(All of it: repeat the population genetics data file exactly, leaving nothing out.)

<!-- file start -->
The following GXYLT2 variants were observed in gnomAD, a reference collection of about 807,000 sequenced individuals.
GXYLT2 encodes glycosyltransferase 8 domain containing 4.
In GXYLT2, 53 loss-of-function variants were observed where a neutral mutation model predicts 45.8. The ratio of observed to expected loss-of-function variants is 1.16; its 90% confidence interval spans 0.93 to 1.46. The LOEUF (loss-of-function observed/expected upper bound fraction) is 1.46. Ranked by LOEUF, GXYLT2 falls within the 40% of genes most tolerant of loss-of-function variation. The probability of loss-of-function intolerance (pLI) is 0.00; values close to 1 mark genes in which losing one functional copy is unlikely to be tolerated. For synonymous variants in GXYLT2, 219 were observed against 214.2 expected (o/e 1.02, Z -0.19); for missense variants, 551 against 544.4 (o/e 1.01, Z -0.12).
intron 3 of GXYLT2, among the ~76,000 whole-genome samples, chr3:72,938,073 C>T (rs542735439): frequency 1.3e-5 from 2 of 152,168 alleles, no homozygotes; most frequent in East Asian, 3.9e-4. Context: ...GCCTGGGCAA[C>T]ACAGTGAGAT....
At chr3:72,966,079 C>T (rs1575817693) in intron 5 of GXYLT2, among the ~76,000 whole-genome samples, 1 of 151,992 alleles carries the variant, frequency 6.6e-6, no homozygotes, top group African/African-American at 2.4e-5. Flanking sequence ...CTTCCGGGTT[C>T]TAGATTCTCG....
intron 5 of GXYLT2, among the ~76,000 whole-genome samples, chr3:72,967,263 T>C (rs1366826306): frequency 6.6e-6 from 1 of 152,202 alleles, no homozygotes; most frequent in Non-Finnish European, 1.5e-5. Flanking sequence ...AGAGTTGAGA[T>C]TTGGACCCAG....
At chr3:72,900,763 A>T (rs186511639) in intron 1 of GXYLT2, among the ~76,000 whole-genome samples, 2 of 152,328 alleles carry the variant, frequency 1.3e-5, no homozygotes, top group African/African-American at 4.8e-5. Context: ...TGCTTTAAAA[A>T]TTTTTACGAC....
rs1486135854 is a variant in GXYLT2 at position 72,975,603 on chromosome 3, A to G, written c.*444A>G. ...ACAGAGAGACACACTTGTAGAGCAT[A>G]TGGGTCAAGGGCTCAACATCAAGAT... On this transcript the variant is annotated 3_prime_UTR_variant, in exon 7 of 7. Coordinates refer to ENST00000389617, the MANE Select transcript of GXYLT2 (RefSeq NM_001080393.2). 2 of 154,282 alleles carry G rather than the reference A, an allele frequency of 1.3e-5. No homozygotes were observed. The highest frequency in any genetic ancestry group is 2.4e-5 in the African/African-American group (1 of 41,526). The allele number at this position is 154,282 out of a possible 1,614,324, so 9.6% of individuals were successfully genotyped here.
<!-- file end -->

The following GXYLT2 variants were observed in gnomAD, a reference collection of about 807,000 sequenced individuals.
GXYLT2 encodes glycosyltransferase 8 domain containing 4.
In GXYLT2, 53 loss-of-function variants were observed where a neutral mutation model predicts 45.8. The ratio of observed to expected loss-of-function variants is 1.16; its 90% confidence interval spans 0.93 to 1.46. The LOEUF (loss-of-function observed/expected upper bound fraction) is 1.46. Ranked by LOEUF, GXYLT2 falls within the 40% of genes most tolerant of loss-of-function variation. The probability of loss-of-function intolerance (pLI) is 0.00; values close to 1 mark genes in which losing one functional copy is unlikely to be tolerated. For synonymous variants in GXYLT2, 219 were observed against 214.2 expected (o/e 1.02, Z -0.19); for missense variants, 551 against 544.4 (o/e 1.01, Z -0.12).
intron 3 of GXYLT2, among the ~76,000 whole-genome samples, chr3:72,938,073 C>T (rs542735439): frequency 1.3e-5 from 2 of 152,168 alleles, no homozygotes; most frequent in East Asian, 3.9e-4. Context: ...GCCTGGGCAA[C>T]ACAGTGAGAT....
At chr3:72,966,079 C>T (rs1575817693) in intron 5 of GXYLT2, among the ~76,000 whole-genome samples, 1 of 151,992 alleles carries the variant, frequency 6.6e-6, no homozygotes, top group African/African-American at 2.4e-5. Flanking sequence ...CTTCCGGGTT[C>T]TAGATTCTCG....
intron 5 of GXYLT2, among the ~76,000 whole-genome samples, chr3:72,967,263 T>C (rs1366826306): frequency 6.6e-6 from 1 of 152,202 alleles, no homozygotes; most frequent in Non-Finnish European, 1.5e-5. Flanking sequence ...AGAGTTGAGA[T>C]TTGGACCCAG....
At chr3:72,900,763 A>T (rs186511639) in intron 1 of GXYLT2, among the ~76,000 whole-genome samples, 2 of 152,328 alleles carry the variant, frequency 1.3e-5, no homozygotes, top group African/African-American at 4.8e-5. Context: ...TGCTTTAAAA[A>T]TTTTTACGAC....
rs1486135854 is a variant in GXYLT2 at position 72,975,603 on chromosome 3, A to G, written c.*444A>G. ...ACAGAGAGACACACTTGTAGAGCAT[A>G]TGGGTCAAGGGCTCAACATCAAGAT... On this transcript the variant is annotated 3_prime_UTR_variant, in exon 7 of 7. Coordinates refer to ENST00000389617, the MANE Select transcript of GXYLT2 (RefSeq NM_001080393.2). 2 of 154,282 alleles carry G rather than the reference A, an allele frequency of 1.3e-5. No homozygotes were observed. The highest frequency in any genetic ancestry group is 2.4e-5 in the African/African-American group (1 of 41,526). The allele number at this position is 154,282 out of a possible 1,614,324, so 9.6% of individuals were successfully genotyped here.